Joseph “Mojo” Morganfield
On Thursday, December 10th, Joseph “Joe” Morganfield passed away suddenly, unexpectedly leaving the Blues World in shock and his family and friends devastated. Joseph Morganfield was deeply and profoundly loved.
Joseph was born on April 14, 1964 in Chicago, Illinois. He spent his early years in Chicago with his mother, Lucille McClenton and his siblings Derrik, Dyayne, Renee, and Roslind. Joe’s family lived in some of the roughest areas of the city, often under some of the harshest conditions. Joe described this time of his life as the “chaotic years.” His difficult childhood would later be described in a book he was writing about his life.
When he was nine, he and his sisters, Renee and Roslind, went to live with their father, McKinley Morganfield aka Muddy Waters. Their new life with their famous father eventually took them out to Westmont, Illinois. It was there that Joseph truly began to blossom. For the first time in his young life he had stability, he had enough to eat, he had his own room, he had a large swimming pool, a host of neighborhood friends, he loved school, and he excelled in athletics.
His father wanted him to learn to play the guitar but all Joseph wanted to do was play ball. Basketball! Everywhere he went he carried that ball. And it was his excellence on the courts that made him a basketball “legend” at Westmont High School. Newspapers started writing articles about Joe’s prowess on the courts. In typical Morganfield fashion, he would razz Muddy about who’s going to get the most ink in their lifetimes. And Muddy would tell everyone who would listen how proud he was of his athletically-gifted son. Joseph earned a full scholarship to the University of Northern Iowa. Joseph was eighteen years old when his “larger than life” father passed away. Once again the rug of stability was pulled out from under him. He’d had some of the happiest times in his life with his father and his family, living in the town of Westmont, surrounded by all of his friends. And now the anchor in his life was gone. Joe’s response to the tough times in his life was, “I’ve been through some tough sh**t but it builds character.” He was always the optimist, always the guy who would get knocked down, brush himself off, get back up, and try again.
The next years of Joseph’s life were the character building years. He struggled to find his niche. He married. He had children. He worked at various jobs. He made friends from all walks of life. He joined the church. He lived and loved and worked and struggled. Yet he was always charming, always resilient, always loved. And right before his 50th birthday he decided to follow in his father’s footsteps and make music. He had always wanted to be a musician and finally had the opportunity to give all of his attention to his music. He brought the same perseverance he’d demonstrated on the basketball court to the recording studio. He put in the work. He took a deep dive into the blues and became the Blues Ambassador for his father’s estate. He worked with Deitra Farr to hone his vocals, and Joseph Morganfield became Joseph “Mojo” Morganfield and leader of his band, the Mannish Boyz.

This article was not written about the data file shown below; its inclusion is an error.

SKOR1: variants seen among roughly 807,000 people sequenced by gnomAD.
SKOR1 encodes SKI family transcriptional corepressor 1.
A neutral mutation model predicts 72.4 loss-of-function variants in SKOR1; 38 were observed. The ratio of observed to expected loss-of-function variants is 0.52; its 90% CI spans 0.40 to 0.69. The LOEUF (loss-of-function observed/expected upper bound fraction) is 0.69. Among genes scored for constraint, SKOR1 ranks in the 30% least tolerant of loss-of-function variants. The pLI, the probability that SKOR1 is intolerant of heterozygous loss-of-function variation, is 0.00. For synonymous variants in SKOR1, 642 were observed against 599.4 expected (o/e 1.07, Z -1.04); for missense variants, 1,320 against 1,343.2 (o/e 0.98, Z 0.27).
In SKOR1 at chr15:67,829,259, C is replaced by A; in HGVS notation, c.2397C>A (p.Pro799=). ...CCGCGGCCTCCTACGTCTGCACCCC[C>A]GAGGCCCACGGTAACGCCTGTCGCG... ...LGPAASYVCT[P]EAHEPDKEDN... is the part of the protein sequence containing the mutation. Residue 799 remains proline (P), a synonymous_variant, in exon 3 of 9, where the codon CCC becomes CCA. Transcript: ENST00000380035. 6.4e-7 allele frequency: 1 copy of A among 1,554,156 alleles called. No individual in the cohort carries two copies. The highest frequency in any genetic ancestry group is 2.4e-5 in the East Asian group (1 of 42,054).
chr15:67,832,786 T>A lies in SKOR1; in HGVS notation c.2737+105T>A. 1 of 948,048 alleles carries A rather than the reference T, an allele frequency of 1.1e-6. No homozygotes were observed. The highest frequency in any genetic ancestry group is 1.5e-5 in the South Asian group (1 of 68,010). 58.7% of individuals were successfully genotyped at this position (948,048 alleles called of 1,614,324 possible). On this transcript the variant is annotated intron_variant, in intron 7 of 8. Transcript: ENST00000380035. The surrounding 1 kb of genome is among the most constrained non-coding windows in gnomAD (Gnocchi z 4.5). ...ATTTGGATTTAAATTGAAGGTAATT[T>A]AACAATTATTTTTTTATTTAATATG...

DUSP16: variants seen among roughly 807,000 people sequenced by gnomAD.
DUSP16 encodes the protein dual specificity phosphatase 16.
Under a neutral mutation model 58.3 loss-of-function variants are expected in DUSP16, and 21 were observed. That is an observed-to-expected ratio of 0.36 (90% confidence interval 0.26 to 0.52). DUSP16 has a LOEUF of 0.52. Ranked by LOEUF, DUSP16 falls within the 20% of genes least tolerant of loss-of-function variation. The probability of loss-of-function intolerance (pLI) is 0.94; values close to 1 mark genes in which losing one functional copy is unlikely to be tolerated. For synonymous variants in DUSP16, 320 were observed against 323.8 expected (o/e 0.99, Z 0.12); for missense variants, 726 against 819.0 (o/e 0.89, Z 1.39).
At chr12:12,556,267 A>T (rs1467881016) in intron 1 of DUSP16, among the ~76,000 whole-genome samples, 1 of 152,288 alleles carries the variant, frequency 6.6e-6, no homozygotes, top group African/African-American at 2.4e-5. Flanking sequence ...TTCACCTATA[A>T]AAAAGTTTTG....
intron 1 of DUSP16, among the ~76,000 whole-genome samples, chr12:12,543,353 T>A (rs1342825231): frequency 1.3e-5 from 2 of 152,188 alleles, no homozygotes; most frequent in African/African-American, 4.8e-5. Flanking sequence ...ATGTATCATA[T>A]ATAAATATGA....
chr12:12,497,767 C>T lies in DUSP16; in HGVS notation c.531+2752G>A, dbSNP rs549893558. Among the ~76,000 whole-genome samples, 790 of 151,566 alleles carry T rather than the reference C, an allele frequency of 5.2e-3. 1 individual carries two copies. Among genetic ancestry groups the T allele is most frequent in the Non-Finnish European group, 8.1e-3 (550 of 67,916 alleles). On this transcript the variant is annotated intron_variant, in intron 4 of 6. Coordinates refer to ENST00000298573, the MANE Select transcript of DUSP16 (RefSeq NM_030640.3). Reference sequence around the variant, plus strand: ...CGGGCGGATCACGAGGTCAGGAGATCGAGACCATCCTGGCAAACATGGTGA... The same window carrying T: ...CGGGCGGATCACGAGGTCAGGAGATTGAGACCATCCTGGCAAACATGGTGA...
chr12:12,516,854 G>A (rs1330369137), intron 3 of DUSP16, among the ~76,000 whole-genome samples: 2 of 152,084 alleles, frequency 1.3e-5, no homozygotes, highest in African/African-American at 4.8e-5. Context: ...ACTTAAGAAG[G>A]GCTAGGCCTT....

He worked with songwriter Terry Abrahamson and collaborated with a variety of musicians. He worked with Grammy-award-winning producer, Michael Freeman to produce his first single It’s Good to Be King. His first single made it to Number One on the blues charts the same week he passed. Michael and Joseph were working on Joe’s first album at the time of his death.
Joe recently remarried and he and his wife Deborah were building their new life together. They enjoyed “triple decker” peanut butter and jelly sandwiches, extreme boat rides, reading together, and being a part of the Chicago music scene. People would comment that Joseph was the happiest they’d ever seen him.
Joseph was not only a Blues Ambassador, he was also an ambassador for the city of Westmont, Illinois. He’d never lived far from the town where he grew up. He always had a special place in his heart for Westmont and the city of Westmont loved him right back. He and Deborah were married at City Hall in Westmont. The Mayor of Westmont officiated the ceremony. That Joseph had a big heart and was loved by so many is evident in the outpouring of love and grief at his untimely death. His sister Mercy commented, “He died while he was living his best life.” And that, by any standard, is indeed a life well lived.
He is preceded in death by his father, McKinley Morganfield, his mother Lucille McClenton, his sister Renee Morganfield, and his brother Derrick Dease. Joseph is survived by his wife, Deborah Morganfield, his children Joshua, Matthews, Gabrielle, Jordan, Jade, Julissa, Bella, Analiese, and Amelia; his brothers Larry and William; his sisters Mercy and Roslind; his stepmother Marva Morganfield; his grandson Joshuan; nieces; nephews; a great-niece; and many friends and fans. Visitation Wednesday December 16, 2020 from 4-8 P.M. at Cappetta’s West Suburban Funeral Home & Cremation Services 39 N. Cass Ave., Westmont.
Funeral Services and Interment will be held privately on Thursday December 17, however, the services will be live streamed at 10 A.M. on Joseph’s website at www.Josephmojomorganfield.com. Info 630-852-8000 or www.westsuburbanfh.com
- Wednesday, December 16, 2020
- 04:00 PM
- Cappetta's West Suburban Funeral Home & Cremation Services 39 North Cass Avenue Westmont, Illinois 60559